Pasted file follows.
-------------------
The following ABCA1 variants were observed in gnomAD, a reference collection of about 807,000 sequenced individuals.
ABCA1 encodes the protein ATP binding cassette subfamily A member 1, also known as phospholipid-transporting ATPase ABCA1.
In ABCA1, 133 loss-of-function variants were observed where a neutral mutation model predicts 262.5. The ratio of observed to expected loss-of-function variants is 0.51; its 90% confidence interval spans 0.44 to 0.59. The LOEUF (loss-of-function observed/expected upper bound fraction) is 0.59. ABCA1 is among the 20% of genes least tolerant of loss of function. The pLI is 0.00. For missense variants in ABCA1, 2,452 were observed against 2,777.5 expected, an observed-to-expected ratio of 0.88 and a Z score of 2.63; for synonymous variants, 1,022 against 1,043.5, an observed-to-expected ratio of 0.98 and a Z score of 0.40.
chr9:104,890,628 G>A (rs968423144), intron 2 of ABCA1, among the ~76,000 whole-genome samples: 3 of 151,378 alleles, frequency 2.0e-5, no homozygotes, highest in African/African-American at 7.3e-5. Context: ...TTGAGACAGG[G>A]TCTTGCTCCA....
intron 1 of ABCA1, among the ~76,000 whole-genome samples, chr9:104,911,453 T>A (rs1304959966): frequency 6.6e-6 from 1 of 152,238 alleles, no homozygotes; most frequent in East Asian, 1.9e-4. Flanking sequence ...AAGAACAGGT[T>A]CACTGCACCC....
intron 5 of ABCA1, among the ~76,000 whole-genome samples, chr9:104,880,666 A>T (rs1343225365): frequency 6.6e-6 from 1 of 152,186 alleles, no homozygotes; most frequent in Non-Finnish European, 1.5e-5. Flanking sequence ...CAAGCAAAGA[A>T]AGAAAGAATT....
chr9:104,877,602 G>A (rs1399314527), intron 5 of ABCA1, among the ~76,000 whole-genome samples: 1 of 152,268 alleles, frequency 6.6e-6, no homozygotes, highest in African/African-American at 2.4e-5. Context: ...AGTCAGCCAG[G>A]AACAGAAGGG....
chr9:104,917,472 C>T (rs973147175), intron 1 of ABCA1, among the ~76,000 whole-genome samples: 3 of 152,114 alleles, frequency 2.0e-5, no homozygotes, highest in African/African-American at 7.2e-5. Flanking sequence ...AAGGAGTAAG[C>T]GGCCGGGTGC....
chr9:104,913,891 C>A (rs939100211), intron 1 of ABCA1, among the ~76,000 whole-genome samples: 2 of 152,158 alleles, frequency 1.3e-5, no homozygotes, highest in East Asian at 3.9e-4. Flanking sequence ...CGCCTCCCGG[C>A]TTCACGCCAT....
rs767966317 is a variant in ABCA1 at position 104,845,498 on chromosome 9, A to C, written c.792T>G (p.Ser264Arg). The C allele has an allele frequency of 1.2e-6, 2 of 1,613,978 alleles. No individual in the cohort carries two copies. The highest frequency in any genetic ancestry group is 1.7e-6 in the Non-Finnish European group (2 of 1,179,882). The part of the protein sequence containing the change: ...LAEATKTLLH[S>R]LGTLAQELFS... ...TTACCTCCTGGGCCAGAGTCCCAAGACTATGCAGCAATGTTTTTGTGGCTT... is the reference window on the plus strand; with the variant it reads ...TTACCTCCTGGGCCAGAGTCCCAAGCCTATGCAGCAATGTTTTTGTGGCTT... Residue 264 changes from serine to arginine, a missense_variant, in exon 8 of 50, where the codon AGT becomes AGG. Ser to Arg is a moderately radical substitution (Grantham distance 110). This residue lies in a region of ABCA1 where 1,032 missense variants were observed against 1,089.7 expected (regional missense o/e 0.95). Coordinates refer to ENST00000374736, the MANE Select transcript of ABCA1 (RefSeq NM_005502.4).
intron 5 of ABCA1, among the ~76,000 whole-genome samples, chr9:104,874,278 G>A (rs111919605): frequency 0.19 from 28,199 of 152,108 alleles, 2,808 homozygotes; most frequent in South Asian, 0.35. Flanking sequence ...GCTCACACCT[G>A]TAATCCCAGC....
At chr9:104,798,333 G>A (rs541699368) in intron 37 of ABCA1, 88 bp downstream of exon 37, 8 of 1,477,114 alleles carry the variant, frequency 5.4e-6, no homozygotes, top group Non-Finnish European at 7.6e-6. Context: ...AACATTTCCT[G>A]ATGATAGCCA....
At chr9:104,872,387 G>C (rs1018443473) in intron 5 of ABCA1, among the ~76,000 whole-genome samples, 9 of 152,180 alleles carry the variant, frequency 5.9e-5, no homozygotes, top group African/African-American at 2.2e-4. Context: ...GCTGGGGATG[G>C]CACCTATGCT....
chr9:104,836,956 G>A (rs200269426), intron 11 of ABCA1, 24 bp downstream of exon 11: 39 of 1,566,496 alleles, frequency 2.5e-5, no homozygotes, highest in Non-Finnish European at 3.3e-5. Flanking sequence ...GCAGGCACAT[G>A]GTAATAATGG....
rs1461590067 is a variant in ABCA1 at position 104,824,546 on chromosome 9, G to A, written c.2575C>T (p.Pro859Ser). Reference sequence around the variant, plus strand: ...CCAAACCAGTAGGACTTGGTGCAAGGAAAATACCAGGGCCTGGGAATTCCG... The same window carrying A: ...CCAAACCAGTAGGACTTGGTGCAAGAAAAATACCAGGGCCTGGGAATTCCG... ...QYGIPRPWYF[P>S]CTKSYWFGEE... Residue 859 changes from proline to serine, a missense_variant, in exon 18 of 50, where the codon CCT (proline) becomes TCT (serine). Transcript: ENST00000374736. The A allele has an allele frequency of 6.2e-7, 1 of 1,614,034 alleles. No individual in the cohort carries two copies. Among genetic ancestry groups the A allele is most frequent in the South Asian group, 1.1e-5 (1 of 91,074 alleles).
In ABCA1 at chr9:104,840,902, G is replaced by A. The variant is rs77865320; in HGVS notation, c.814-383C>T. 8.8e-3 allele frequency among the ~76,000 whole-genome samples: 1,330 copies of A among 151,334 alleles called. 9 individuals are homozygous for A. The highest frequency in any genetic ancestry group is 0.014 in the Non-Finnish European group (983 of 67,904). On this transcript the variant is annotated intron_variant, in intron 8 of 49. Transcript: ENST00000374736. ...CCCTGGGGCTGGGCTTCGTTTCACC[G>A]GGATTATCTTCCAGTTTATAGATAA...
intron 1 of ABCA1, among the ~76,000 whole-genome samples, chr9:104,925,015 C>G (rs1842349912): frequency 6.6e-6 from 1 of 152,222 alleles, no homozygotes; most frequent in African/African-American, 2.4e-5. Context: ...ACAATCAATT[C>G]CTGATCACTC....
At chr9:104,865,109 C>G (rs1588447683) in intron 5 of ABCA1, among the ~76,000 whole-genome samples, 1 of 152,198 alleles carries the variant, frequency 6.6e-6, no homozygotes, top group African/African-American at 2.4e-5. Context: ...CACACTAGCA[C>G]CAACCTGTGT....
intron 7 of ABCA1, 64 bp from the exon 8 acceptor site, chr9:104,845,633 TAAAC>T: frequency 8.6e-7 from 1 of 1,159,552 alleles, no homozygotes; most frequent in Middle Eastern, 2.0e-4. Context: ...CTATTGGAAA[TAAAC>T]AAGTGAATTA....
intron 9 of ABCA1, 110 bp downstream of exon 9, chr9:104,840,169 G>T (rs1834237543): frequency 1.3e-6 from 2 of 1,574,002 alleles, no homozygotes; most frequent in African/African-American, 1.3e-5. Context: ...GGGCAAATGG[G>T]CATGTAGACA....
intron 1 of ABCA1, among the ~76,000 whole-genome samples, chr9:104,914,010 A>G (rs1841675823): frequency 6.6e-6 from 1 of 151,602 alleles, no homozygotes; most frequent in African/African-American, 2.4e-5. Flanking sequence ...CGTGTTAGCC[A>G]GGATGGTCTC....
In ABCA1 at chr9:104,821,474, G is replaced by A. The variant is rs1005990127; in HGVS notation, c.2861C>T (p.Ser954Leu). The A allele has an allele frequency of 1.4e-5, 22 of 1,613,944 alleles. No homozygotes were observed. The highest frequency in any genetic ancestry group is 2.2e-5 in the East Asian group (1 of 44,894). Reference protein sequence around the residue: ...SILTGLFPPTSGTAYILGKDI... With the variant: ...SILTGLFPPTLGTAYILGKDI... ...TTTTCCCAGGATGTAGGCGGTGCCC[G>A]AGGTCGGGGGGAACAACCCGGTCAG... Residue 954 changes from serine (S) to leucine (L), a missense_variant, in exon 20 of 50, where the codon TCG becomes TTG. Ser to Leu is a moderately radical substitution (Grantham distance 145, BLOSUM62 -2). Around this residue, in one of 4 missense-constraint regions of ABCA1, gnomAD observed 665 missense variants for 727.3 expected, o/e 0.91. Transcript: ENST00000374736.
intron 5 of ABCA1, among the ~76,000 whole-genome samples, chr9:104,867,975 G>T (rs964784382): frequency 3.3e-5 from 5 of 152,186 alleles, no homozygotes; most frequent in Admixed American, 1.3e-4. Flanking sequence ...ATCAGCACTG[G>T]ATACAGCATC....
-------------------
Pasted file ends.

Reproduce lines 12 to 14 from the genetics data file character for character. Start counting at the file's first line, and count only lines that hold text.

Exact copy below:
At chr9:104,798,333 G>A (rs541699368) in intron 37 of ABCA1, 88 bp downstream of exon 37, 8 of 1,477,114 alleles carry the variant, frequency 5.4e-6, no homozygotes, top group Non-Finnish European at 7.6e-6. Context: ...AACATTTCCT[G>A]ATGATAGCCA....
At chr9:104,872,387 G>C (rs1018443473) in intron 5 of ABCA1, among the ~76,000 whole-genome samples, 9 of 152,180 alleles carry the variant, frequency 5.9e-5, no homozygotes, top group African/African-American at 2.2e-4. Context: ...GCTGGGGATG[G>C]CACCTATGCT....
chr9:104,836,956 G>A (rs200269426), intron 11 of ABCA1, 24 bp downstream of exon 11: 39 of 1,566,496 alleles, frequency 2.5e-5, no homozygotes, highest in Non-Finnish European at 3.3e-5. Flanking sequence ...GCAGGCACAT[G>A]GTAATAATGG....